Let them know that the way they act toward this baby matters… that they can be a loving and kind big brother and sister.
“We are ALWAYS gentle and sweet to little babies.” (And then show them what that means… around small children, around small animals, when hugging a frail great-grandma, whatever… show them what protective gentleness looks like.)
Use words and ideas of love, so that every time the baby is mentioned, the older child thinks about that baby with an active, gentle, self-giving love. Give them specific ideas about what patient, self-sacrificing LOVE looks like, so that jealousy isn’t a part of the equation at all.
No matter what others suggest, jealousy is not a given.
LOVE IS NOT IN LIMITED SUPPLY
This idea of assumed new-baby-jealousy reveals an undercurrent of belief that love is like a pie: there is a limited amount of love, and each child added cuts into the portion of love each child receives.
If you believe this, then each new baby leaves them with less and less of the “pie”.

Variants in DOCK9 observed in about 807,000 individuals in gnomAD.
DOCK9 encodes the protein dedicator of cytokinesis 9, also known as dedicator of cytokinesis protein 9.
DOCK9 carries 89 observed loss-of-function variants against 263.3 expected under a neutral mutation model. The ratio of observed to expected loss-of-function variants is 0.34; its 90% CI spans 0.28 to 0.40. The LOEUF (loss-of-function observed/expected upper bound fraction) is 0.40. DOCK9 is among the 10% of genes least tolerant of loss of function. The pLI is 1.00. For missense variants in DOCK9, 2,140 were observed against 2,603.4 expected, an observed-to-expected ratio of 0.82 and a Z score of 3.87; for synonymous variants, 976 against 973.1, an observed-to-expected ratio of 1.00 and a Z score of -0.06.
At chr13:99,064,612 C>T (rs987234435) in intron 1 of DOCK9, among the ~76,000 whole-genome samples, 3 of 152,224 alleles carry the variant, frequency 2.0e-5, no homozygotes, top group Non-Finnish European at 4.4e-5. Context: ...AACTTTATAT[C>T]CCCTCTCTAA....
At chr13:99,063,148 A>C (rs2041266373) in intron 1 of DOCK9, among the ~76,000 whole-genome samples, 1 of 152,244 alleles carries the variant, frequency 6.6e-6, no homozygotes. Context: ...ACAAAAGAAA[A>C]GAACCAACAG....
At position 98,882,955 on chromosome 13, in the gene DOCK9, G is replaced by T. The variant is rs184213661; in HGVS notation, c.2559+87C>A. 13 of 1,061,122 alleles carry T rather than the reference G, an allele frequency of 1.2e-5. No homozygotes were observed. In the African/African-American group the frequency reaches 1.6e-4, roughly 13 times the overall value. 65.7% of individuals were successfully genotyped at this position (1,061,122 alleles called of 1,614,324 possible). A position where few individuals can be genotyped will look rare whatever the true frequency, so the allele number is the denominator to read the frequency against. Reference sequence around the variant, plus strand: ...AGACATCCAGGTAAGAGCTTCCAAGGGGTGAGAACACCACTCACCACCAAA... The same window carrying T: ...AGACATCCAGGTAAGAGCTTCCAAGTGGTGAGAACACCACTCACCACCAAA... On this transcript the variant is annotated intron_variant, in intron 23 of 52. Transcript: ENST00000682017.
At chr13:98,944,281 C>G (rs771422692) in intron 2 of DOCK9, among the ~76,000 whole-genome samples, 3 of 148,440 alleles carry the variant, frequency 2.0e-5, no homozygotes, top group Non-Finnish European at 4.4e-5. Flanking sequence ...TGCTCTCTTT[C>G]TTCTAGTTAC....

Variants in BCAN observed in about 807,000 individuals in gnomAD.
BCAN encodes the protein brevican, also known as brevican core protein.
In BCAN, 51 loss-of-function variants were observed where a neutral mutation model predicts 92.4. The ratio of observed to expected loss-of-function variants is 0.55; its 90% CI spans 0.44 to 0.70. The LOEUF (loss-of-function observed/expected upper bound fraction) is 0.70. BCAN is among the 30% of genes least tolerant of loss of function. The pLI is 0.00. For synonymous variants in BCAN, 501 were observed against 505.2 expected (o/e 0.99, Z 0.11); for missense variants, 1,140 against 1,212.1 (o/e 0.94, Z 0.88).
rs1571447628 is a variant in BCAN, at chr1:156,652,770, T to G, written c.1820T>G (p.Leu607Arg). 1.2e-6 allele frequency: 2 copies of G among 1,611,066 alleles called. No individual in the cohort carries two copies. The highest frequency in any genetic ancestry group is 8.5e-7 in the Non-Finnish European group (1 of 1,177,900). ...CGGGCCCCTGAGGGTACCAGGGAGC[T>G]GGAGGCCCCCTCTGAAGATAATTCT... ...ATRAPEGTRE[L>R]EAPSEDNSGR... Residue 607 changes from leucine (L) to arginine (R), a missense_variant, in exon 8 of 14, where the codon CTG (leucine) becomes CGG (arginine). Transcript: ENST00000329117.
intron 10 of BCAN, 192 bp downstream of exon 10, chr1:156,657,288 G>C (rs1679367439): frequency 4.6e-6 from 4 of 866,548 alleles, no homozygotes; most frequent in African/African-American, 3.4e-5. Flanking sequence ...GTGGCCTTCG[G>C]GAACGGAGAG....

Let me tell you the nitty-gritty of how it works here, 7 kids into the gig of family life: the relationships that go on in our home are so much fun. I wrestle and tickle with the 5 year old. He says “I’ll get you” a million times in a row to the 9-month-old, inducing laughter every time. The 9-month old is pulled onto the chest of the 13-year-old, and they cuddle while the baby tries to pull off his glasses. The 11-year-old sits patiently and reads a Dr. Seuss book to the 3-year-old. The 3-year-old asks the 9-year-old if she will jump on the trampoline with him. The 9-year-old asks her 7-year-old brother to go ride bikes.
And on and on.
Relationships are built. And love is multiplied as it rolls along.
Sibling rivalry is NOT unavoidable. There is no need for any child to be “jealous” of a new baby. And love can multiply. It can multiply right there in your home. Just wait and see!
In the comments, share: How do you work to cultivate feelings of kind, protective, self-giving love among the children in your home?